His influence with his wealthy and numerous fam-
ily connexions, his own benevolence and disposition to aid such as needed help, which he always bestowed liberally when he had opportunity, endeared him to the pioneers in Shelby, and contributed much towards settlements to be made there.
He died September 7th, 1839. His wife died August 26th, 1850. His daughter Sarah, widow of the late Horatio N. Hewes, resides in Medina.
Alexander Coon was the first, or among the first settlers in Shelby. He came from Rensselaer County, N. Y., and located about two miles west of Shelby Center, in 1810.
In a statement furnished by Mr. Alexander Coon, Jr., for Turner's History of the Holland Purchase, he says:
"My father's family left the Lewiston Road at Walsworths, and arriving upon our land, four crotches were set in the ground, sticks laid across, the whole covered with elm bank, making a sleeping place. The cooking was done in the open air. A very comfortable log house was then built in five days, without boards, nails, or shingles. Our cattle were fed the first winter on browse, the next winter on browse and corn stalks.
Our nearest neighbor south, was Walworth; west, the nearest was in Hartland; north, one family on the Ridge road."
Mr. Alexander Coon, senior, left several sons, and the family became among the most respectable in the community.
Alexander Coon, Jr., was afterward a prominent public man, well and favorably known in the affairs of his town and county. For eleven years he represented the town of Shelby in the Board of Supervisors of Orleans County,--a longer time than any other man ever served as a member of that Board. He also held many other town office. He said when he was collector of taxes in Shelby, he had a tax of less than a dollar against a man who, to pay it, made black salts, drew them to Gaines on a handsled, and sold them for the money.
JACOB Z. ZIMMERMAN.
Jacob A. Zimmerman was born in Manheim, N. Y.,. August 23d, 1795.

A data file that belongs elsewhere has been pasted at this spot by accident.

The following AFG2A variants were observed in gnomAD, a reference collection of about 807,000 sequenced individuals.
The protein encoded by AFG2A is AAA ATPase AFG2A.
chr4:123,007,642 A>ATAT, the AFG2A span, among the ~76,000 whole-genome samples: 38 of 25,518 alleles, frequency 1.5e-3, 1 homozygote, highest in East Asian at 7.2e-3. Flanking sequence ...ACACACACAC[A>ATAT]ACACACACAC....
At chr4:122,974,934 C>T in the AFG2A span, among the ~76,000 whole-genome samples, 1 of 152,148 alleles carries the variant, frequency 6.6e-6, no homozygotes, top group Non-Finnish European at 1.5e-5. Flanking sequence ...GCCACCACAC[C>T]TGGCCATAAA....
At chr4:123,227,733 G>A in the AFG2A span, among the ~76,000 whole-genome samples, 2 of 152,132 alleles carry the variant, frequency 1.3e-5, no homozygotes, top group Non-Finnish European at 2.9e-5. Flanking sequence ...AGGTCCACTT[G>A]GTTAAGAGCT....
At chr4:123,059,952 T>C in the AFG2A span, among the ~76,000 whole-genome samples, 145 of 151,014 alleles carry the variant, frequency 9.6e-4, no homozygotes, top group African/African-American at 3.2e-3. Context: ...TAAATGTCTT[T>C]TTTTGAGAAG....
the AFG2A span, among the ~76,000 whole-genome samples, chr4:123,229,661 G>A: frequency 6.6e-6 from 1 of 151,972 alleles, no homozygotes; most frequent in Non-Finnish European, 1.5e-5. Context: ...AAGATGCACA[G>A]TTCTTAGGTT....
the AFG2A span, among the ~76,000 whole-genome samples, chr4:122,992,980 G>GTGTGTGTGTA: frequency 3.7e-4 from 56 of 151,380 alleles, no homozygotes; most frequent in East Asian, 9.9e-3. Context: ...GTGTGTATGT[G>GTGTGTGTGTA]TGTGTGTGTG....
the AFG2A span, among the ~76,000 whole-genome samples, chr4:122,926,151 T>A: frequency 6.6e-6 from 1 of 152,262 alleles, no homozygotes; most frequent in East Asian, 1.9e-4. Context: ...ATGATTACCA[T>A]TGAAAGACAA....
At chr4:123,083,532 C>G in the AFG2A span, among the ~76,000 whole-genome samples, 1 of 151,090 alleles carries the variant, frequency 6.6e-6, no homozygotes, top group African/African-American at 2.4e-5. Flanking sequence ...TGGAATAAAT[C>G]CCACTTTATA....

In 1817 he came to Shelby with John B. Snell, who moved from the same town.
In the summer of 1817, he married Nancy Snell. In the spring of 1819, they commenced keeping house in Shelby, on the farm they ever afterwards occupied.
Mr. Zimmerman says:
"I made a table, We had no chairs. I made three stools, two for ourselves and one for company. Our window lights were white paper; no window glass could be had here then. Our cooking utensils were a four quart kettle, and a black earthen teapot. I gave a dollar for six cast iron knives and forks and six cups and saucers, which completed our eating tools.
Times were very hard. I was eleven months without a sixpence in money; two months without any shoes. When we saw shoes tied up with bark we called them half worn out. I gave five bushels of wheat for a pair of poor coarse shoes, made of flank leather.
In 1821 my hog house was burned. The neighbors helped me build another house, and in two weeks after the fire we moved to the new house. In November, 1826, I had bought and paid for eighty-seven acres of land. I afterwards increased my farm to one hundred sixteen acres."
Mr. Zimmerman's children are Morris, married Phebe Bent; Eleanor, unmarried; Gilbert, married Janette Sanderson; John A., married Mary Powers; Arvilla, married Egbert B. Simonds; and Andrew L., married Jennie Bartsom. Jacob a. Zimmerman, died December 6th, 1864.
John Grinnell was born in Edinburgh, Saratoga County, December 4th, 1796.
His father, Josiah Grinnell, was a native of Rhode Island. He settled in Saratoga County and re moved from there to Oneida County, where he died.
John Grinnell purchased a farm in Barre, in 1820, on which in the fall of that year he built a log house into which he moved in April, 1821. He cleared his farm and resided there till 1854, when he moved to Shelby.
He was three times married. First, to Roxanna Kirkham; second to Lucy Babcock; she died January 25th, 1846; third, to Mrs. Julia Ann Abbott, October 27th, 1847.
His children, Cyrene and Daniel, are dead. Paul,, married Sarah Butler; Peter, married Eliza Berry; Lyman, married Leonora Rooker; Andrew J., married Mary Rodman; J. Wesley, married Alice Haines; Mahala married William J. Caldwell; Harley, married Maria Kelsey; John Jr., married Margaret Root; Ella J., married Frederick Hopkins.
His brother, Ezra, Major and Amos, and his sisters, Betsey, wife of Alanson Tinkham; Eliza, wife of William Tyler; Chloe, wife of Relly Tinkham, and Anna, wife of Weston Wetherby, all settled in Orleans County soon after Mr. John Grinnell came in.
these families so early settled here, have been prosperous in business. Being upright in purpose, and honorable in character, they have become among the most respected families in the County.
The Pioneer History of Orleans County, NY, By Arad Thomas
Transcribed by Holice B. Young
HTML by Deb
You are the Visitor to this USGenNet Safe-Site™ Since January 9, 2002.